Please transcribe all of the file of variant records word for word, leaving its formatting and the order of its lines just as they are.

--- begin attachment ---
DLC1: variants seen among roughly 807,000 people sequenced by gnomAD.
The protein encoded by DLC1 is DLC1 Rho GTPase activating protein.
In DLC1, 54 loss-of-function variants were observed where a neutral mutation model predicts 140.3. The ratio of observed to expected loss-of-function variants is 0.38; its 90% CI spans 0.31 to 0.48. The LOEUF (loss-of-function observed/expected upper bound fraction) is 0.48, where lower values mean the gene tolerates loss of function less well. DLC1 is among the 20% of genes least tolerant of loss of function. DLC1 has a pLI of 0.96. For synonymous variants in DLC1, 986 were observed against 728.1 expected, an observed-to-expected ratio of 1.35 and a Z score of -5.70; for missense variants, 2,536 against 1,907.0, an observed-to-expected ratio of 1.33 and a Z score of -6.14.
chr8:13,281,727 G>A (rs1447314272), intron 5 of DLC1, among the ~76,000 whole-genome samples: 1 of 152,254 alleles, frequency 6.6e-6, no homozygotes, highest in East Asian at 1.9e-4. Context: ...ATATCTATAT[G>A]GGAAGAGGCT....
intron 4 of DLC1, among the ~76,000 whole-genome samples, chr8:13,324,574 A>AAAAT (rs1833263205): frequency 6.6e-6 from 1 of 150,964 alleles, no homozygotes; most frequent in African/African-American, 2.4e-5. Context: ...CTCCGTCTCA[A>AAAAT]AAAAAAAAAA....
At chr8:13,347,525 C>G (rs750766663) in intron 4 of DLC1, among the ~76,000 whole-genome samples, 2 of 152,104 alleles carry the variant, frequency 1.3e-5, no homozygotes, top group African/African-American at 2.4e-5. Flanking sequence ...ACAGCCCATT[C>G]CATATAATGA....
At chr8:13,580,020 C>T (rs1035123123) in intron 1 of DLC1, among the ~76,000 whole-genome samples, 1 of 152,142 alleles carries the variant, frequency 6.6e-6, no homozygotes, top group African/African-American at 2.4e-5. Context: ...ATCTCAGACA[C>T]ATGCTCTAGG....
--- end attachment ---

DLC1: variants seen among roughly 807,000 people sequenced by gnomAD.
The protein encoded by DLC1 is DLC1 Rho GTPase activating protein.
In DLC1, 54 loss-of-function variants were observed where a neutral mutation model predicts 140.3. The ratio of observed to expected loss-of-function variants is 0.38; its 90% CI spans 0.31 to 0.48. The LOEUF (loss-of-function observed/expected upper bound fraction) is 0.48, where lower values mean the gene tolerates loss of function less well. DLC1 is among the 20% of genes least tolerant of loss of function. DLC1 has a pLI of 0.96. For synonymous variants in DLC1, 986 were observed against 728.1 expected, an observed-to-expected ratio of 1.35 and a Z score of -5.70; for missense variants, 2,536 against 1,907.0, an observed-to-expected ratio of 1.33 and a Z score of -6.14.
chr8:13,281,727 G>A (rs1447314272), intron 5 of DLC1, among the ~76,000 whole-genome samples: 1 of 152,254 alleles, frequency 6.6e-6, no homozygotes, highest in East Asian at 1.9e-4. Context: ...ATATCTATAT[G>A]GGAAGAGGCT....
intron 4 of DLC1, among the ~76,000 whole-genome samples, chr8:13,324,574 A>AAAAT (rs1833263205): frequency 6.6e-6 from 1 of 150,964 alleles, no homozygotes; most frequent in African/African-American, 2.4e-5. Context: ...CTCCGTCTCA[A>AAAAT]AAAAAAAAAA....
At chr8:13,347,525 C>G (rs750766663) in intron 4 of DLC1, among the ~76,000 whole-genome samples, 2 of 152,104 alleles carry the variant, frequency 1.3e-5, no homozygotes, top group African/African-American at 2.4e-5. Flanking sequence ...ACAGCCCATT[C>G]CATATAATGA....
At chr8:13,580,020 C>T (rs1035123123) in intron 1 of DLC1, among the ~76,000 whole-genome samples, 1 of 152,142 alleles carries the variant, frequency 6.6e-6, no homozygotes, top group African/African-American at 2.4e-5. Context: ...ATCTCAGACA[C>T]ATGCTCTAGG....